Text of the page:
LINCOLN PARK — A naturalist/writer/artist who has been called the "Audubon of the fishing world" by the New York Times will make his return to Chicago this weekend.
James Prosek's rare appearance at the Peggy Notebaert Nature Museum will include personal tours of his exhibit on extinction as well as a bird watching and fly-fishing tour.
Prosek, who has yet to see his own exhibit, will walk guests through "Beyond Eden: The Work of James Prosek," which explores issues of extinction through a series of paintings depicting both real and imaginary animals.
Prosek will walk guests through his exhibit Friday night before a screening of his documentary, "Nature: The Mystery of Eels."
On Saturday, Prosek will lead a class on bird watching for beginners and a nature walk on museum grounds.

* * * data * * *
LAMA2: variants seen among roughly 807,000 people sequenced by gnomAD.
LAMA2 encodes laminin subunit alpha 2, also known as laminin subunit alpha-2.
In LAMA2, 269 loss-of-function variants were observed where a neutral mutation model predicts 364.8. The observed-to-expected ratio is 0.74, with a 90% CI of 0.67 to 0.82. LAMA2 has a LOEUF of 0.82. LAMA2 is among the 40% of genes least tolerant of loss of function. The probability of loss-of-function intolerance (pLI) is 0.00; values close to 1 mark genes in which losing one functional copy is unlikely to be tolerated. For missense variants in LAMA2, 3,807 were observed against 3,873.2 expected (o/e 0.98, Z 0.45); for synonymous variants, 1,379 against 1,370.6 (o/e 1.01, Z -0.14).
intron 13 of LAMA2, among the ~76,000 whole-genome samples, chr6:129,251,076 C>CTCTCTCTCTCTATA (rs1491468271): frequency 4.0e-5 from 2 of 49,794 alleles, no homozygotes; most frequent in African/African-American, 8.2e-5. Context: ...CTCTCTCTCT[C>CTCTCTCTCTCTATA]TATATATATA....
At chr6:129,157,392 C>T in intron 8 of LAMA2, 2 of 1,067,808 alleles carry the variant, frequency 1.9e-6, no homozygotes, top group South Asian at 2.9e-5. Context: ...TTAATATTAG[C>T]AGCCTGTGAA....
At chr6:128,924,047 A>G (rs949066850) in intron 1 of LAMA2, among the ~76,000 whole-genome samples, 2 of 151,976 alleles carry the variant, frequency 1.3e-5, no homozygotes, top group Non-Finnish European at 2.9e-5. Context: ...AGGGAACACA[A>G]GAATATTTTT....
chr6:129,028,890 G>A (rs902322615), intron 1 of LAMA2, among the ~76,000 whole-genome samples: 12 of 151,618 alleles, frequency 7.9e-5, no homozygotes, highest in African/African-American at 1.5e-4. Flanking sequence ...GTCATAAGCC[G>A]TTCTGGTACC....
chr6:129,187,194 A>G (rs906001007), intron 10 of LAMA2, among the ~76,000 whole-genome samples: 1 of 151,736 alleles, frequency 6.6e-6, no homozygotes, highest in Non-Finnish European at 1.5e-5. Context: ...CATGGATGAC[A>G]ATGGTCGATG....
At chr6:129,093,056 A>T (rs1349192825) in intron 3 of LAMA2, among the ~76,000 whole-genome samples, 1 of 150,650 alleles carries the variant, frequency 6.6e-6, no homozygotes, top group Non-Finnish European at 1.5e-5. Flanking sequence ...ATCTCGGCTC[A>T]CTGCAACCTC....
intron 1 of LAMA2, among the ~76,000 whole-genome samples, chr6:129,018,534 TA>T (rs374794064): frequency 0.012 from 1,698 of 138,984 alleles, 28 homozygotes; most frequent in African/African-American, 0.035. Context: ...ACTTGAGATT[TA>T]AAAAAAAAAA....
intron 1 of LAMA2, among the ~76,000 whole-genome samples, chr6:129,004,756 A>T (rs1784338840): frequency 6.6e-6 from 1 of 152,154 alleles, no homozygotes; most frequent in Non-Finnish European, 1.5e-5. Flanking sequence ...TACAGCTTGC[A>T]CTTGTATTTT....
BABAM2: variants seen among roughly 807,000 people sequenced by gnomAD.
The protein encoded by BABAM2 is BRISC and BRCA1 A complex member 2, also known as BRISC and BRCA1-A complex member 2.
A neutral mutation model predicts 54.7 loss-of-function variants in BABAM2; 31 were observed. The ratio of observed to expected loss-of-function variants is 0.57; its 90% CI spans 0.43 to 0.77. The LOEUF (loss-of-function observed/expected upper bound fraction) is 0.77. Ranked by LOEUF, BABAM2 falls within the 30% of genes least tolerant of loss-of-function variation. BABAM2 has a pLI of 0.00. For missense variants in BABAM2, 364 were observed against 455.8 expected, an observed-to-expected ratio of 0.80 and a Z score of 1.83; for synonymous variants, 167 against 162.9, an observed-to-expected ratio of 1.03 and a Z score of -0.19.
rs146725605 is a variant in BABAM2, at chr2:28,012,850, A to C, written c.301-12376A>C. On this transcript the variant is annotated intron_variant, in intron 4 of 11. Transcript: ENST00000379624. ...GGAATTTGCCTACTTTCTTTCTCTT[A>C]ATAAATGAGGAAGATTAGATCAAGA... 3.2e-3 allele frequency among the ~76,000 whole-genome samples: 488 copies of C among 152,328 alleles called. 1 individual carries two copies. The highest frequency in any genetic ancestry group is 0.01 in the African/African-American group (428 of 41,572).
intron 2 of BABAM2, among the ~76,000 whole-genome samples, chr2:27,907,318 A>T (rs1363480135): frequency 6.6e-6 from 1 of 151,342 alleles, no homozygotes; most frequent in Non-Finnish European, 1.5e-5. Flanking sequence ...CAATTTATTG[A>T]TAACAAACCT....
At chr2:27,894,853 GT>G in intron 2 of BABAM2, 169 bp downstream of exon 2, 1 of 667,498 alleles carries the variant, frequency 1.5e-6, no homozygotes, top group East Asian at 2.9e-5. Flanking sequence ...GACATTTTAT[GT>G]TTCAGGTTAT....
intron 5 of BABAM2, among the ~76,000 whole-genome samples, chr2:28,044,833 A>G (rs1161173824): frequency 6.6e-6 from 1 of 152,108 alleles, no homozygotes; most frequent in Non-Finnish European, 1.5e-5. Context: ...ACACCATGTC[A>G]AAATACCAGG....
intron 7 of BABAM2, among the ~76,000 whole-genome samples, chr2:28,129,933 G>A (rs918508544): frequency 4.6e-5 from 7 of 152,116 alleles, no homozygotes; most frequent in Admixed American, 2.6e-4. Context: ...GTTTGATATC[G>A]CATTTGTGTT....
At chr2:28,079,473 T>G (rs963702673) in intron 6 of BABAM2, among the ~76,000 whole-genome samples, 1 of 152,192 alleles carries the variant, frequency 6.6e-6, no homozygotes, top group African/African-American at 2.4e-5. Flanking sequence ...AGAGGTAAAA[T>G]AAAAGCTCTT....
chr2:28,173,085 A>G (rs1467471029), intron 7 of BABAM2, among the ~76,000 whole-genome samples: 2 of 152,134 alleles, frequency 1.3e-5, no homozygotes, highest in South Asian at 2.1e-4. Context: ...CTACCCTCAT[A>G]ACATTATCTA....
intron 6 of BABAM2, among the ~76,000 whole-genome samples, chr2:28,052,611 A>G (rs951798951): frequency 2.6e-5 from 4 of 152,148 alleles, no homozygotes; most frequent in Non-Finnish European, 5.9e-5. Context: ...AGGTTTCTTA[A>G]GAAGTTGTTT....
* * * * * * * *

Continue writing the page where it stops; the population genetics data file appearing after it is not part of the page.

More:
"Artists help the process of interpreting nature for the public to kind of take in and help them digest it," Prosek said.
Prosek will teaching the techniques of nature journaling and give a fly-casting demonstration.
"Nature itself when you go out and make observations, it can be kind of messy, so I think science and art both kind of bring a certain order to that messiness that helps allow people to see things that they might not otherwise see," Prosek said.
Prosek wrote his first book at age 19 called "Trout: an Illustrated History."
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